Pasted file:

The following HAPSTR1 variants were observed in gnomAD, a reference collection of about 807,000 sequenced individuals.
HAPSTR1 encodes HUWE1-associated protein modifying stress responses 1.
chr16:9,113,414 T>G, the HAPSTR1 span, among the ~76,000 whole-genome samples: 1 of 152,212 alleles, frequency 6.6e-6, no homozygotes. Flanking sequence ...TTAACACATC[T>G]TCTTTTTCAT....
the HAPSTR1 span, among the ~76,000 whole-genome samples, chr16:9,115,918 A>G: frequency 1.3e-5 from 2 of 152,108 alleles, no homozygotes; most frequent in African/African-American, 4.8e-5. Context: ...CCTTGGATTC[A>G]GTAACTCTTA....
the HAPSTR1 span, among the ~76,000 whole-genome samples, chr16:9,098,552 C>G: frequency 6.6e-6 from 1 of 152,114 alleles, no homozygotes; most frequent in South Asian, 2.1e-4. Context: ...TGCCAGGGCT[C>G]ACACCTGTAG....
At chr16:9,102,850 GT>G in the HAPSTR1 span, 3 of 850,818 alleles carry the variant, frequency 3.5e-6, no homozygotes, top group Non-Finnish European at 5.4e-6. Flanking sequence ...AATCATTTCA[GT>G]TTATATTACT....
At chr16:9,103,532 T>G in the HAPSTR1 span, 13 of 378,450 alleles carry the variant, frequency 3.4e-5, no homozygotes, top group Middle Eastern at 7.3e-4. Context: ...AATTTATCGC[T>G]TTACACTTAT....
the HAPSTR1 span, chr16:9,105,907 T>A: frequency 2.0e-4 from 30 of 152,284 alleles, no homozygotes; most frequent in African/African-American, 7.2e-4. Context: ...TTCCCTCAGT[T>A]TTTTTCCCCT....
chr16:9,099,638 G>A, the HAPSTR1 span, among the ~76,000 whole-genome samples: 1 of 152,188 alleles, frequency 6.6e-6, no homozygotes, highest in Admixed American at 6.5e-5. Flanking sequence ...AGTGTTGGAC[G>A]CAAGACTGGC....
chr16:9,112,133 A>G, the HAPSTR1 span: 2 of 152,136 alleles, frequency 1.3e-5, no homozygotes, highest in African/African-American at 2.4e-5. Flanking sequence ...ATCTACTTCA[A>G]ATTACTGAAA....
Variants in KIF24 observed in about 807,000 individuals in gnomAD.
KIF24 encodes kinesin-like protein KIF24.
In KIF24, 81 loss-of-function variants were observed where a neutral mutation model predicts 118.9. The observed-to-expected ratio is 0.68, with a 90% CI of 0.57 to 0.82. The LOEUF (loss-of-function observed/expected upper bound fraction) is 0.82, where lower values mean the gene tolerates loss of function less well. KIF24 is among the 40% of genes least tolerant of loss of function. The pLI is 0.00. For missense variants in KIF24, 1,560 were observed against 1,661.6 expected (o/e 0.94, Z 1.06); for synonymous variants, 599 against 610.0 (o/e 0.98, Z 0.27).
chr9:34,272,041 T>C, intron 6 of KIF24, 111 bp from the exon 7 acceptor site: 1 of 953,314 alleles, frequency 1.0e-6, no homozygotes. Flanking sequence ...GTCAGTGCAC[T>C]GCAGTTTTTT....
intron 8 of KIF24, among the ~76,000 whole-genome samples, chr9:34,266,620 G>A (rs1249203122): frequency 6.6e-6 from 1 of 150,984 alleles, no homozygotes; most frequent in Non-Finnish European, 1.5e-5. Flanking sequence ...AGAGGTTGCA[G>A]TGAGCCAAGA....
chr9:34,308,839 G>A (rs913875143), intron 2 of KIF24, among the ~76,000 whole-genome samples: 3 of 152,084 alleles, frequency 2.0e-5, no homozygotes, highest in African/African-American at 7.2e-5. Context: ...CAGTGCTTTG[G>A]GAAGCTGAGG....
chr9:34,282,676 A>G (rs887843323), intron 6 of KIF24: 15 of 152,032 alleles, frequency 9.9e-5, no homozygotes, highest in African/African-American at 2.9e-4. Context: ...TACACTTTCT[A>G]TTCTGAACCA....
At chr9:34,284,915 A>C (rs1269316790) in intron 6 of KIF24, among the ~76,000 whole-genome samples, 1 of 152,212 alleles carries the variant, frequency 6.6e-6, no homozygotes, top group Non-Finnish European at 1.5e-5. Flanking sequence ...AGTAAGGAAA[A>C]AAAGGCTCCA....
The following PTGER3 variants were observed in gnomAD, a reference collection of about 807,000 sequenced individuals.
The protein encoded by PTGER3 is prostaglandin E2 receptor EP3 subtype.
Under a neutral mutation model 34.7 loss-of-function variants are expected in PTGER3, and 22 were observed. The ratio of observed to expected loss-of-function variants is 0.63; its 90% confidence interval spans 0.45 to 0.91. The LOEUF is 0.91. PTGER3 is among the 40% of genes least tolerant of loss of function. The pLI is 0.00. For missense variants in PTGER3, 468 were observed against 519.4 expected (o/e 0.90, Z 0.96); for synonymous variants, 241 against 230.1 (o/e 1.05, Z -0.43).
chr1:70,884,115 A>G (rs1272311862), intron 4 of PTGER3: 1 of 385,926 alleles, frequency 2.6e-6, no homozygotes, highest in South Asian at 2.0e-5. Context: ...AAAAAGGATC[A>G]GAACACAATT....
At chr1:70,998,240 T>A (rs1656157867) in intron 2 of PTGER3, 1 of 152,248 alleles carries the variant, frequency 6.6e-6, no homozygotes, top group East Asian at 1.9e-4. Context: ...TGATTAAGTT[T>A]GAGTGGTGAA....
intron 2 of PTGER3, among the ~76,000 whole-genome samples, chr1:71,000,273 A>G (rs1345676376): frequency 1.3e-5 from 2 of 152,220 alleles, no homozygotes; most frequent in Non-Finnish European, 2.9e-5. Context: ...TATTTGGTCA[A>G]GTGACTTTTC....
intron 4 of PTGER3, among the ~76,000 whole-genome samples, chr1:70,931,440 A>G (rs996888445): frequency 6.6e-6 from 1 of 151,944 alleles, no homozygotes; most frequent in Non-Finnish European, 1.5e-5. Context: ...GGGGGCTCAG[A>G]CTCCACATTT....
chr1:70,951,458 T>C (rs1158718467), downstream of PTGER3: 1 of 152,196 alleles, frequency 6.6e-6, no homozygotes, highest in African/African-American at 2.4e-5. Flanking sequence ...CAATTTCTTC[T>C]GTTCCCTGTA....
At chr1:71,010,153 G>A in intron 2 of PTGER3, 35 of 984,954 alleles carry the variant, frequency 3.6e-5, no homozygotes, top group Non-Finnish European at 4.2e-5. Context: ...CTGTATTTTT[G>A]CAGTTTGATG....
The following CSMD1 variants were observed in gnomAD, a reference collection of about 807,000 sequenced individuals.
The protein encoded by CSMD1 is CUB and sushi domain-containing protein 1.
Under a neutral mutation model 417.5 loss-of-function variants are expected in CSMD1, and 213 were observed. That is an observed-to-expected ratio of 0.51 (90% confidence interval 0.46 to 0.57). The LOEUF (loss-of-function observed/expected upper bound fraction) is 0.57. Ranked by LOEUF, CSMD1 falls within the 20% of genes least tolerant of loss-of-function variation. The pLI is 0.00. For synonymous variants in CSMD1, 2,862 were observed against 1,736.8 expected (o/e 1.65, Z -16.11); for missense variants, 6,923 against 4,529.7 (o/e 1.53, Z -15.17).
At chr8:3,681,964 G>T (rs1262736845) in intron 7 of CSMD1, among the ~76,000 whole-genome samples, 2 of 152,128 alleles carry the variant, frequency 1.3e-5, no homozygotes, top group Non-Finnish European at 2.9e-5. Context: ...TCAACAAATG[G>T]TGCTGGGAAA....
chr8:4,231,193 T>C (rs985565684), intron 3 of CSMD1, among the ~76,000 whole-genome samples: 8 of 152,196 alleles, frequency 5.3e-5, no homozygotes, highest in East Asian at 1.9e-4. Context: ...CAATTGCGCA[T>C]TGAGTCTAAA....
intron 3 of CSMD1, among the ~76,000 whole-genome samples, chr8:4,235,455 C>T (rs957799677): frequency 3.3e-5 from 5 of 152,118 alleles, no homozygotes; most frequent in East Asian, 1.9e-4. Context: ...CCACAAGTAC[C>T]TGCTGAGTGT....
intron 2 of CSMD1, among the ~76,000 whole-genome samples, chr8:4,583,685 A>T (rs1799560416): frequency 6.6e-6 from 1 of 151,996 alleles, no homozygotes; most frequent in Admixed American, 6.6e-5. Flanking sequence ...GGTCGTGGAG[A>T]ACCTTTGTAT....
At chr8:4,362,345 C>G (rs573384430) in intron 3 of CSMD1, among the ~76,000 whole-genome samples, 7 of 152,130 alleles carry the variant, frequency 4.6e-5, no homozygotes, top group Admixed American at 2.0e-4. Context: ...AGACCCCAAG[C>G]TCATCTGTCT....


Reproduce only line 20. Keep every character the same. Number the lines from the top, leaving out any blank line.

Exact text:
The protein encoded by PTGER3 is prostaglandin E2 receptor EP3 subtype.